If you watched Indianapolis Colts quarterback Andrew Luck play the last two weeks, it was hard not to be impressed. Heck, if you’ve seen him over the past two years it’s hard not to be impressed with him, and how far he’s taken a team that won just two games the year before he arrived. Luck’s performance over the past two seasons is that of someone poised to one day take over as the best quarterback and most impactful player in the NFL. But he’s not there yet, as Luck will be sitting at home this weekend while veterans Tom Brady and Peyton Manning will square off in the AFC Championship Game.
The accomplishments of Luck’s team over the past two seasons do not compare favorably to Brady or Manning, or even the other young quarterbacks in the league like Colin Kaepernick and Russell Wilson, who will be meeting one another in the NFC Championship game. However, over the past two seasons Luck has done more with less and elevated his team to great heights, despite supporting cast around him that pails in comparison to what the four starting quarterbacks still playing have around them.
Luck has played the last two seasons behind one of the worst offensive lines in the NFL, which has kept him under constant pressure and forced him into turning the ball over an in ordinate amount of times, which is one of the biggest complains against Luck, and is seen as a hindrance to his team’s success. However, many of those interceptions, including some of the seven he threw in this year’s postseason, were the result of trying too hard to make plays under pressure, and were not necessarily his fault. At the same time, being under constant pressure has allowed Luck to showcase his superb pocket presence and surprising skills as a runner, which will be even more of an asset when the Colts get better support for him along the offensive line.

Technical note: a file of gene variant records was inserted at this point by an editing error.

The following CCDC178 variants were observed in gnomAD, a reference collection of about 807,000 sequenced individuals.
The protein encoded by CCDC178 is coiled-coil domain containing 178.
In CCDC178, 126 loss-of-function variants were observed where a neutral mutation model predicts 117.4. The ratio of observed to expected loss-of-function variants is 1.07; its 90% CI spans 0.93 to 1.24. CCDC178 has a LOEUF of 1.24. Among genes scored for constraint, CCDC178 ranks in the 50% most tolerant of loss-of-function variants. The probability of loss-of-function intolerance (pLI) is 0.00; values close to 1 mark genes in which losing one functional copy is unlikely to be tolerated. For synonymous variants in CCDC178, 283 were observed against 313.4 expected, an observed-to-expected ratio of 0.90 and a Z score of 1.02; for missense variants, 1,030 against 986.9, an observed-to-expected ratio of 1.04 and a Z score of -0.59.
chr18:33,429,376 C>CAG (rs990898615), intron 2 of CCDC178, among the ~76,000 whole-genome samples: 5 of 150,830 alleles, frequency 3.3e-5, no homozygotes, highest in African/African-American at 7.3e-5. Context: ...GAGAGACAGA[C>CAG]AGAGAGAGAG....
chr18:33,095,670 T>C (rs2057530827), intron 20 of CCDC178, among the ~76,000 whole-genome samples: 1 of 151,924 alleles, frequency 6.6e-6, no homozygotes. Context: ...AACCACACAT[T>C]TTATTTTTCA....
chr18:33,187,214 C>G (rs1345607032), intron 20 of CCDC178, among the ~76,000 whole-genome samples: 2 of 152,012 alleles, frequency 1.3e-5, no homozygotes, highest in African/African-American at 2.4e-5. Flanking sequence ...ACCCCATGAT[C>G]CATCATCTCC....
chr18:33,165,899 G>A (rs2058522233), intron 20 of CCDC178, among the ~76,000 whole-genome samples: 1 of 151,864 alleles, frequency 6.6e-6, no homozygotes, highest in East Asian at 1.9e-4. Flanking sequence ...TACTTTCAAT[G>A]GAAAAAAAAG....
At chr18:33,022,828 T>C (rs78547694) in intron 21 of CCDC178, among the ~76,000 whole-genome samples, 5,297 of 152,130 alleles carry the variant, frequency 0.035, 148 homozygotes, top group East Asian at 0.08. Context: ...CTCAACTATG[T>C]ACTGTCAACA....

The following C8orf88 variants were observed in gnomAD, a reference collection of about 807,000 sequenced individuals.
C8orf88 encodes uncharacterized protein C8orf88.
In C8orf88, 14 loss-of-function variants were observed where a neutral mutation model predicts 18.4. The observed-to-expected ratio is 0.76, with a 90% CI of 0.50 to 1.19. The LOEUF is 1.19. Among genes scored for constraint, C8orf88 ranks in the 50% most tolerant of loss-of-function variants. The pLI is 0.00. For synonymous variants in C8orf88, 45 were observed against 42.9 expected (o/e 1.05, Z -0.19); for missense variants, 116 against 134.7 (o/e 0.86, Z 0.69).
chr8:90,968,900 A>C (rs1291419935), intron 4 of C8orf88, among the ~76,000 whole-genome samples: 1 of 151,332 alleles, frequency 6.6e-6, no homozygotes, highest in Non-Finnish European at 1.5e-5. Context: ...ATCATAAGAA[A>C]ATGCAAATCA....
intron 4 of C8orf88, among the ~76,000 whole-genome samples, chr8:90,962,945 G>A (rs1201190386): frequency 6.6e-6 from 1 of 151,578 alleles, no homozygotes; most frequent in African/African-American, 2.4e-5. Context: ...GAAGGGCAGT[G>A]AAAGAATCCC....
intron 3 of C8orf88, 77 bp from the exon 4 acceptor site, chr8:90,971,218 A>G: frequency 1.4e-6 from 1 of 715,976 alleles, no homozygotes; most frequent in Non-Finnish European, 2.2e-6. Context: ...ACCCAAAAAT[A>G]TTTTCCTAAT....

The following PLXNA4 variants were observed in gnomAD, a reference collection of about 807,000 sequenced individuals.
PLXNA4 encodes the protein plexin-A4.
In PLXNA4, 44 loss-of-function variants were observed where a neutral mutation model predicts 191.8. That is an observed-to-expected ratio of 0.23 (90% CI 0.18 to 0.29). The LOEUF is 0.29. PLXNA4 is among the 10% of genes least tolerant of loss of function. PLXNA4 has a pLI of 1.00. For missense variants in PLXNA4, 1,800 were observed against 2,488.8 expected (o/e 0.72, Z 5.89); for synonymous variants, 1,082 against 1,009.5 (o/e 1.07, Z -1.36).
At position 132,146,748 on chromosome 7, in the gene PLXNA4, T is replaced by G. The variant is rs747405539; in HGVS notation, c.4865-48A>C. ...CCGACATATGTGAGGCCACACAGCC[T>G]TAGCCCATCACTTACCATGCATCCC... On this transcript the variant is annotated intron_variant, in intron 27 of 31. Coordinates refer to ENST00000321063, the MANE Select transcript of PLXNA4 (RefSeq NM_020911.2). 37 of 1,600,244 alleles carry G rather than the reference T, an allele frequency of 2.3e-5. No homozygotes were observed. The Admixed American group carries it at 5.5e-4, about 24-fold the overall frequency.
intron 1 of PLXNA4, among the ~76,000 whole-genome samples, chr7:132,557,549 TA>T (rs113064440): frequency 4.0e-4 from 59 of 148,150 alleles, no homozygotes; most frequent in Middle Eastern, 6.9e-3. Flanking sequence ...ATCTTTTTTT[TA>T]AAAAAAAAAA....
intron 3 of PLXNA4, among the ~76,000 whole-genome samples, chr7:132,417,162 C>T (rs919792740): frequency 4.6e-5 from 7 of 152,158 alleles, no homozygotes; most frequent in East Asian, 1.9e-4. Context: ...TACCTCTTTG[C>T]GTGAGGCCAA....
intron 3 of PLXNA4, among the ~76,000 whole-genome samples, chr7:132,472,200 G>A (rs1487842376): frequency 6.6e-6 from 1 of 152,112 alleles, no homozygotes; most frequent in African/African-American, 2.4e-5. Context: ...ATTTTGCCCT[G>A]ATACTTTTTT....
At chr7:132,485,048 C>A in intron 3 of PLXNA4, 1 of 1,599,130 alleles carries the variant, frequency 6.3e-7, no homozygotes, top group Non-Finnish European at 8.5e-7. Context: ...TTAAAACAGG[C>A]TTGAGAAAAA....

Many of Luck’s mistakes the past two seasons, including his seven interceptions in this year’s postseason, have come as a result of trying to bring his team from behind, which has forced him to take more chances and ultimately make more mistakes. The Colts have not had a strong defense the past two years, which has constantly put Luck in a position in which he has to overcome a deficit, much like 28-point deficit he erased last week against Kansas City. Obviously, Luck hasn’t overcome every deficit he’s faced, but he has made some spectacular comebacks, none more impressive than last week against the Chiefs, and as the Colts improve their defense, they will be less reliant on Luck to do everything for them, which will help Luck to cut down on mistakes and perform at an even higher level.
For now, Luck remains a shade behind Brady and Manning, and not quite as accomplished as Kaepernick and Wilson. But his play over the past two weeks has re-affirmed what we have seen over the past two years: he’s capable of some extraordinary things, even when facing an uphill battle, and without a suitable supporting cast behind him. As Luck continues to improve even more and the Colts presumably get more help around him, he will continue his take over of the league as the as the pre-eminent quarterback and most impactful player in the NFL. He’s already done so much in the first two years of his career, and while he’s not there yet, if the past two weeks are any indication he’s real close.